The CSS Blog Network

Kim Jong Un’s Long Game

Image courtesy of U.S. Department of State/Flickr. Public Domain

This article was originally published by Pacific Forum CSIS on 11 July 2018.

Welcome to North Korean Negotiations 101. North Korea’s reaction to Secretary of State Mike Pompeo’s recent visit to Pyongyang was expected and does not signal the end of the diplomatic process; it just shows us it will be a long and difficult one. On top of dealing with North Korean-style negotiations, President Donald Trump already made important concessions too soon before concrete North Korean denuclearization steps while Kim is playing a long game, looking 40 to 50 years down the road. Trump, on the other hand, seems to be focused on the next 2.5 years, until the next US presidential election in 2020.

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Four Fast Facts on Denuclearization

Image courtesy of U.S. Department of State/Flickr. Public Domain

This article was originally published by the IPI Global Observatory on 14 June 2018.

The Singapore Summit between the leader of the Democratic People’s Republic of Korea (DPRK), Kim Jong-un, and US President Donald Trump—preceded by an historic border crossing and sit-downs with South Korean President Moon Jae-in, and meetings with Chinese President Xi Jinping—is a tremendous moment by any measure. Almost exactly 55 years after the Korean Armistice Agreement, the prospect of a formal end to the Korean War and significantly thawed relations on the Korean Peninsula seems possible. Just a few months ago, North Korea and US were threatening each other with war.

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It’s Not Really About the Nukes – Crisis Negotiation in North Korea

Image courtesy of Dreidprawns/Wikipedia. CC BY-SA 3.0

This article was originally published by Political Violence @ a Glance on 12 April 2018.

The United States may soon have a shot at talking directly to North Korea’s Kim Jong-un. Given this unique opportunity, what foreign policy tactics should US negotiators use in the effort to denuclearize the Korean peninsula? It may seem strange, but negotiators might consider taking a lesson from the FBI and the field of Crisis Negotiation to show us a better path to de-escalation.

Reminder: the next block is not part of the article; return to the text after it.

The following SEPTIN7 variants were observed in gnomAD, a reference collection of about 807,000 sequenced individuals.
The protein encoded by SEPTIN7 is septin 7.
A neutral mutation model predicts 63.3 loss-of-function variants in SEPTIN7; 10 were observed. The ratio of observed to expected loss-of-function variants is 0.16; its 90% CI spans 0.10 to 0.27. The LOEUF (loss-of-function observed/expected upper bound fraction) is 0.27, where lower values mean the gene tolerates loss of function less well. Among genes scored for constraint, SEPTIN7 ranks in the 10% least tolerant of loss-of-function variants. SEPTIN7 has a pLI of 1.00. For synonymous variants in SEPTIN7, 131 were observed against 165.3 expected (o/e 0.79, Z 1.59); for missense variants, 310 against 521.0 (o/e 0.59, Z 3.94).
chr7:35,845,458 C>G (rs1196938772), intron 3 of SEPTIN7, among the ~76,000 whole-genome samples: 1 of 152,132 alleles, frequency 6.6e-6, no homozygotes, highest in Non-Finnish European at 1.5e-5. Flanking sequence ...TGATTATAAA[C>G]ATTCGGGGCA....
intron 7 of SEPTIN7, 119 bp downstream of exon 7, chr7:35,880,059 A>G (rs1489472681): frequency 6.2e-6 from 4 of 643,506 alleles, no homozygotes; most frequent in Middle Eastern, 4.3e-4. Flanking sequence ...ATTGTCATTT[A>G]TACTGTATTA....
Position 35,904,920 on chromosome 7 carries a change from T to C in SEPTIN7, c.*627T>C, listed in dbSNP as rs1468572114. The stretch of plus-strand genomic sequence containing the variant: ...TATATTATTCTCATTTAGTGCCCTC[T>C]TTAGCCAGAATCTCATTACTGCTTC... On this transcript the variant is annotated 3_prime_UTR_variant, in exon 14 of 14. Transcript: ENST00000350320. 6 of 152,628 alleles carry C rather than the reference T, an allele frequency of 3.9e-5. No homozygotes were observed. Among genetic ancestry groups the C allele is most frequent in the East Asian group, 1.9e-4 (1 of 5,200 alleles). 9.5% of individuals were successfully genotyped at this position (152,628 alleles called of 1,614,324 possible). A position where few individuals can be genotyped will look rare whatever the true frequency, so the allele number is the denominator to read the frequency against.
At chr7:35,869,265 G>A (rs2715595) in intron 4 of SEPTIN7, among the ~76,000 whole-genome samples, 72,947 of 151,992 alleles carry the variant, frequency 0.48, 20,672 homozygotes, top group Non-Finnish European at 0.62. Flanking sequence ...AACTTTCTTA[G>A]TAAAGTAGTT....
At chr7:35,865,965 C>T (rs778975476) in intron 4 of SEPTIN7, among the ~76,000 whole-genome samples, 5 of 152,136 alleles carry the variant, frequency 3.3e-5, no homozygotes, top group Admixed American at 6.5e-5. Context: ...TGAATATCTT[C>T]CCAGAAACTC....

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Cyprus’s Elusive Reunification: So Near to a Solution, Yet so Far

Courtesy of andberlinblog/Flickr. (CC BY-NC-ND 2.0)

This article was originally published by the Elcano Royal Institute on 19 January 2017.

Summary

The reunification of Cyprus is one of the world’s longest running and intractable international problems. The latest talks in Geneva in January 2017 between Nicos Anastasiades, the Greek-Cypriot President, and Mustafa Akıncı, his Turkish-Cypriot counterpart, after 20 months of negotiations, made significant progress. The issues of territorial adjustments and security and guarantees are the most sensitive and core issues yet to be resolved and ones that will determine whether a solution can be reached and approved in referendums on both sides.

Analysis

Background

The Mediterranean island has been divided since Turkey’s invasion in 1974 in response to the Greek military junta’s backing of a coup against President Makarios aimed at enosis (union with Greece).1 Cyprus is the only divided country in Europe and its capital, Nicosia, is also split in two.

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The Coming Brexit Tragedy

So we drank the kool-aid...

Courtesy of duncan c/Flickr. CC BY-NC 2.0

This article was published by the European Council on Foreign Relations (ECFR) on 3 January 2017.

With both sides ignoring the decline of the liberal world order, the Brexit process is set to result in tragedy for both the UK and EU.

This past year changed everything, except how governments think. Nowhere is that more apparent than in the pre-negotiations for Brexit. With both sides ignoring the far-reaching implications of Donald Trump’s election as US president – namely, the decline of the liberal world order – the process seems set to produce a tragedy for the United Kingdom and the European Union alike.

Judging by the behavior of British Prime Minister Theresa May’s diplomats, one might believe that Brexit is the only real uncertainty nowadays. Indeed, they seem convinced that their only imperative – beyond protecting the unity of the Conservative Party, of course – is to secure as many benefits for the UK as possible.

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